It’s not true to say I have long been disillusioned with party politics, because that would mean I had been “illusioned” in the first place. Obviously I would rather boil my own head than vote Tory, but Labour drives me quite mad. And the Lib Dems are simply mad. This was how I felt at the last election, which is why on the spur of the moment I decided to stand as an indie. Which was possibly the maddest thing of all.
It is unlikely that you will get elected when you campaign for only three weeks, have no money and no staff, and actually dread the idea of meetings, point-scoring debates and feigning interest in loads of boring stuff that actual MPs have to do.
This is how I found myself in my local high street with a balloon, some badges, my kids and friends with my leaflets, designed by my mate Spike.
I stood next to the canvassers on the Green stall, who were very friendly, whereas the Labour people – who assume this seat is theirs – were rude. They’d arrive in a minibus, bustle about shouting, and be gone in five minutes.
The local freesheet said it would have endorsed me but it was too late as it had already photographed the Monster Raving Looney – or Nigel, as I came to know him.
All sorts of people promised to vote for me, though most of them did not live in the area or seem to grasp that this mattered. Everyone had their own issues.
“What are you going to do about drugs?” asked a man in the street.
“What, all of them? How about acid?”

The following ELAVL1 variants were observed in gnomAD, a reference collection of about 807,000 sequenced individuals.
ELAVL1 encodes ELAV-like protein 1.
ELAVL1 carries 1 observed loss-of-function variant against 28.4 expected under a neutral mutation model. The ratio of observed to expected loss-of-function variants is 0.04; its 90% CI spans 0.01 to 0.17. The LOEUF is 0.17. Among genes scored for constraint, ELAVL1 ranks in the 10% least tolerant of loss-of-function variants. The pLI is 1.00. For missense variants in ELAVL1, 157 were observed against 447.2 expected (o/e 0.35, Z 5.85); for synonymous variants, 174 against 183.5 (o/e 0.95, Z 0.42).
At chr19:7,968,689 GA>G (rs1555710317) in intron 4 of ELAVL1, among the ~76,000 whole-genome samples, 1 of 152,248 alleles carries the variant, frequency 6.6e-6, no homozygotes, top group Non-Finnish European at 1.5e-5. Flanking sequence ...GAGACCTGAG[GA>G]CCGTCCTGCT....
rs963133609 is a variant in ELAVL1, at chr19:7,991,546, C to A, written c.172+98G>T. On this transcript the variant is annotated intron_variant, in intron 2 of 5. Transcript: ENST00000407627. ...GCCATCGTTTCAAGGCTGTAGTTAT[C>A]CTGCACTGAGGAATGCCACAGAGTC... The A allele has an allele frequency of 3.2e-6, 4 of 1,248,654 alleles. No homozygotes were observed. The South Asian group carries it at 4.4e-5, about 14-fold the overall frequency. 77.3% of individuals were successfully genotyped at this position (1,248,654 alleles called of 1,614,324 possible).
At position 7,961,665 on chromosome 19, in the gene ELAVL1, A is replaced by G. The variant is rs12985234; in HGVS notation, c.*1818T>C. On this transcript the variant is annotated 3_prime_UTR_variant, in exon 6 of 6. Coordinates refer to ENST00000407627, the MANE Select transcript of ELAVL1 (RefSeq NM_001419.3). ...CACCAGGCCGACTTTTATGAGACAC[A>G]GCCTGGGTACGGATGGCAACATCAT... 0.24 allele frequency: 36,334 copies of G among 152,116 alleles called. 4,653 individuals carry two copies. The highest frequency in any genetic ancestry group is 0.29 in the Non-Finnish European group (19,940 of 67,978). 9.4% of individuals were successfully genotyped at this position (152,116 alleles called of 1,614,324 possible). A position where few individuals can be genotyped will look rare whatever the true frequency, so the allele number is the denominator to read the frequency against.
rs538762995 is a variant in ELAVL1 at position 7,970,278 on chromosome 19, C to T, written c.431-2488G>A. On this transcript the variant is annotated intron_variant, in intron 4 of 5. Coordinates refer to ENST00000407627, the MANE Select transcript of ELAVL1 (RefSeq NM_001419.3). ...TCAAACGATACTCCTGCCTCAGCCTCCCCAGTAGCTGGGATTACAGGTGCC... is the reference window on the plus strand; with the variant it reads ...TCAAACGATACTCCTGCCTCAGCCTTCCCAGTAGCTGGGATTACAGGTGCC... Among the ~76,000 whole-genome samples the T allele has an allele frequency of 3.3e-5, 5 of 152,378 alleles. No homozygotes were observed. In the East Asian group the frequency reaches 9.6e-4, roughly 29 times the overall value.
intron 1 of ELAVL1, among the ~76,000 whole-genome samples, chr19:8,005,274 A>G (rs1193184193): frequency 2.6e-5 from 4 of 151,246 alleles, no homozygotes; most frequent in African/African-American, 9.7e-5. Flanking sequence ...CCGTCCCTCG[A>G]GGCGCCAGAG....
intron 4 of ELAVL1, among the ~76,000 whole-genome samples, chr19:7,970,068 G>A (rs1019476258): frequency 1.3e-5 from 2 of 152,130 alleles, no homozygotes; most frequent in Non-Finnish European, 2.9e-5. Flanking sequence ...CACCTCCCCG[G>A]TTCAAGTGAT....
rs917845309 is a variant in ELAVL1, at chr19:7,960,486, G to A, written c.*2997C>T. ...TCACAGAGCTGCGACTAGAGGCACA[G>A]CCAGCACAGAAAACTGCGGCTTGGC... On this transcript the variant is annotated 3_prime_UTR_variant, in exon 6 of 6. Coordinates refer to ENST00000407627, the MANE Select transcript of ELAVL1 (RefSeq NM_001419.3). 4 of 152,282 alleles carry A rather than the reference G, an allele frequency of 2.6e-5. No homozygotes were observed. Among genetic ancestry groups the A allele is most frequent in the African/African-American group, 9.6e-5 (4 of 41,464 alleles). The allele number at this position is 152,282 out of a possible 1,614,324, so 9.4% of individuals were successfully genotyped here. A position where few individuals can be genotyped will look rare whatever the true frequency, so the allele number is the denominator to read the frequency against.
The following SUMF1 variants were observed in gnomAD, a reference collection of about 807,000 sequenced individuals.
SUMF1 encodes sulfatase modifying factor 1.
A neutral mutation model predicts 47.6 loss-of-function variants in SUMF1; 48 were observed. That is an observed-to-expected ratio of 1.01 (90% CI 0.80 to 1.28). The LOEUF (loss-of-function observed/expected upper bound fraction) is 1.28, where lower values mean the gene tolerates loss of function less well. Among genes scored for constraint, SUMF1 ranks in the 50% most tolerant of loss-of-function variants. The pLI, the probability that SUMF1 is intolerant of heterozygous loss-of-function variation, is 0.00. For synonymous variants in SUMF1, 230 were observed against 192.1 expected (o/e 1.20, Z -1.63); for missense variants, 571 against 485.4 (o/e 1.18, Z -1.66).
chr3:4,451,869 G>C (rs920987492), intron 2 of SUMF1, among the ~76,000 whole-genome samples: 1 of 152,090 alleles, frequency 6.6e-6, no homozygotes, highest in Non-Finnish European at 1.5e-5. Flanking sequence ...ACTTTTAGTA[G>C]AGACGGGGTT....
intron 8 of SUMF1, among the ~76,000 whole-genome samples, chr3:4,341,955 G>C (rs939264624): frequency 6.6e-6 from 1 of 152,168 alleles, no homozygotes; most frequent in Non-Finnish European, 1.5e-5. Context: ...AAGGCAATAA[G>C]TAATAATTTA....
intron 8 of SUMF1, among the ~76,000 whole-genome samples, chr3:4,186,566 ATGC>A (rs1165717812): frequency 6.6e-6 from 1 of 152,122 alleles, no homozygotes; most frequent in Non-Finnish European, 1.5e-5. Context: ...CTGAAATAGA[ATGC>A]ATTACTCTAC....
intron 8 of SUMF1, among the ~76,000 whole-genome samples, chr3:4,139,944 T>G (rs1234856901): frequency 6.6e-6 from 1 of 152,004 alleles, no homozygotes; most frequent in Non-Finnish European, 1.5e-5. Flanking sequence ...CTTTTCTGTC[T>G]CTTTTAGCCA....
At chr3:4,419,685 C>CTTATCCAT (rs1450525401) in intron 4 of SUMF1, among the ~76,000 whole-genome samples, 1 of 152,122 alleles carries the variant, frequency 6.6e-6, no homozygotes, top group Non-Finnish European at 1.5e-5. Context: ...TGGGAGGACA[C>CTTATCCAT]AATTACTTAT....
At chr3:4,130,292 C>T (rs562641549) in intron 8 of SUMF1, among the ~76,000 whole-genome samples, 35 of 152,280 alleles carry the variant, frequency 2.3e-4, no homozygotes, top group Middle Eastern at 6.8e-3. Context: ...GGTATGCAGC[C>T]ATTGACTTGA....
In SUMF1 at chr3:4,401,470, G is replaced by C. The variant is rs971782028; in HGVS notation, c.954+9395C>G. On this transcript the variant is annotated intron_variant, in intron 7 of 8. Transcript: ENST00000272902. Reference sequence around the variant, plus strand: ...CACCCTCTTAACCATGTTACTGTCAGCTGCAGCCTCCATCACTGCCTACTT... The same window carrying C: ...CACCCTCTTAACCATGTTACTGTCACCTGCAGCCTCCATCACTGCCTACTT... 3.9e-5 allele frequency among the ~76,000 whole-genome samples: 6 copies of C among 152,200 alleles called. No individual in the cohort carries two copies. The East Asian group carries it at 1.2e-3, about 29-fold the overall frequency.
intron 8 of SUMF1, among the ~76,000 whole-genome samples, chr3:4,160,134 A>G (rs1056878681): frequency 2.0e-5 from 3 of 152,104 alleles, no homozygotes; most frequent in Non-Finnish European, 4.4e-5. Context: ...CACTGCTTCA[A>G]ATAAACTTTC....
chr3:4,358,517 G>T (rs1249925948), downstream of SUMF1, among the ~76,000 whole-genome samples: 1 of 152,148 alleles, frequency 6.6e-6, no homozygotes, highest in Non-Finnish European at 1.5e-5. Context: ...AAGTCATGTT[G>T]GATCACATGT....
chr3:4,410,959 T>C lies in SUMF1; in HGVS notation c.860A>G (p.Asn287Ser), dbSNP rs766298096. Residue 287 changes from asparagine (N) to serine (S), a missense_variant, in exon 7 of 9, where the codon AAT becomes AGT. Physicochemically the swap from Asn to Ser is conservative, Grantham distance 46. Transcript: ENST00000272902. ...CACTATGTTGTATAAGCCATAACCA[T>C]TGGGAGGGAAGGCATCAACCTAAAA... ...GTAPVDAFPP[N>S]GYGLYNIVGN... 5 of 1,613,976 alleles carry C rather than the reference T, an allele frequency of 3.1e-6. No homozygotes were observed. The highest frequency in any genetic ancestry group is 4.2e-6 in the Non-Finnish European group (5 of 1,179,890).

“Oh, acid for sure.”
I also became authoritative about parking even though I haven’t really a clue. Parking was certainly a bigger issue than Afghanistan – but I was campaigning outside the health-food shop and saying I’d pull out all the troops.
You see, if you set yourself up as “a real person”, one unlike other would-be MPs, you nonetheless soon find yourself aping the politicians you so despise, pretending to know everything and promising things you have no way of delivering even if you were to be elected.
Most of the issues people were concerned about were the job of the council and not that of an MP at all. Could I get their repairs done? Could I get a fiver knocked off their rent?
Often I had to explain that there was an election at all. They had no idea. A film crew from Belgium came and kept referring to everyone I chatted to as being “from the ghetto”.
Still, on polling day, as I put an X next to my own name, I remembered I’d promised a man in the park assisted suicide because my friend texted to tell me that was what’d make him vote for me. “I love assisted suicide,” I texted back.
One vote in the bag!
All power corrupts, and I’d not even got any yet . . .